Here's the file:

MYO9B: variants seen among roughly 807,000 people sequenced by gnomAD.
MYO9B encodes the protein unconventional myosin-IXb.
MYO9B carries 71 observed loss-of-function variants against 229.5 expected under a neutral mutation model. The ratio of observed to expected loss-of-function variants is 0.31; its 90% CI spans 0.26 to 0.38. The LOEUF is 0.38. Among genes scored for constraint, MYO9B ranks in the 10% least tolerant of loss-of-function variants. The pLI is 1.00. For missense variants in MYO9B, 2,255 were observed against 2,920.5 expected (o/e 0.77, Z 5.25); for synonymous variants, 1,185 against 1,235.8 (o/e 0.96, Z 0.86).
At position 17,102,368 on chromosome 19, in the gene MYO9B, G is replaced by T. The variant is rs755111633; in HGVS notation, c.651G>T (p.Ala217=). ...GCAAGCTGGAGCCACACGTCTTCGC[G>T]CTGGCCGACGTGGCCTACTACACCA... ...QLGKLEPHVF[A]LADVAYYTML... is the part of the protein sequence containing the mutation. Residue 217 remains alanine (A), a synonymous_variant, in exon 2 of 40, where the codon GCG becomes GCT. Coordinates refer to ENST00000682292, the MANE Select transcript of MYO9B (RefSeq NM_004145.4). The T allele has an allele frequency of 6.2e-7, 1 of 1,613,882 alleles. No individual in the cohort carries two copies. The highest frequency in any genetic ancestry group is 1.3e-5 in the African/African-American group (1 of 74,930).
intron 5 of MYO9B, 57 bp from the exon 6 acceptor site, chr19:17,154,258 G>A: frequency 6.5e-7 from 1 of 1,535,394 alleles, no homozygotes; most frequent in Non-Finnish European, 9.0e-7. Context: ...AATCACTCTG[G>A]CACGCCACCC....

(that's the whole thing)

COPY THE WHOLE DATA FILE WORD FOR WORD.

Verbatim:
MYO9B: variants seen among roughly 807,000 people sequenced by gnomAD.
MYO9B encodes the protein unconventional myosin-IXb.
MYO9B carries 71 observed loss-of-function variants against 229.5 expected under a neutral mutation model. The ratio of observed to expected loss-of-function variants is 0.31; its 90% CI spans 0.26 to 0.38. The LOEUF is 0.38. Among genes scored for constraint, MYO9B ranks in the 10% least tolerant of loss-of-function variants. The pLI is 1.00. For missense variants in MYO9B, 2,255 were observed against 2,920.5 expected (o/e 0.77, Z 5.25); for synonymous variants, 1,185 against 1,235.8 (o/e 0.96, Z 0.86).
At position 17,102,368 on chromosome 19, in the gene MYO9B, G is replaced by T. The variant is rs755111633; in HGVS notation, c.651G>T (p.Ala217=). ...GCAAGCTGGAGCCACACGTCTTCGC[G>T]CTGGCCGACGTGGCCTACTACACCA... ...QLGKLEPHVF[A]LADVAYYTML... is the part of the protein sequence containing the mutation. Residue 217 remains alanine (A), a synonymous_variant, in exon 2 of 40, where the codon GCG becomes GCT. Coordinates refer to ENST00000682292, the MANE Select transcript of MYO9B (RefSeq NM_004145.4). The T allele has an allele frequency of 6.2e-7, 1 of 1,613,882 alleles. No individual in the cohort carries two copies. The highest frequency in any genetic ancestry group is 1.3e-5 in the African/African-American group (1 of 74,930).
intron 5 of MYO9B, 57 bp from the exon 6 acceptor site, chr19:17,154,258 G>A: frequency 6.5e-7 from 1 of 1,535,394 alleles, no homozygotes; most frequent in Non-Finnish European, 9.0e-7. Context: ...AATCACTCTG[G>A]CACGCCACCC....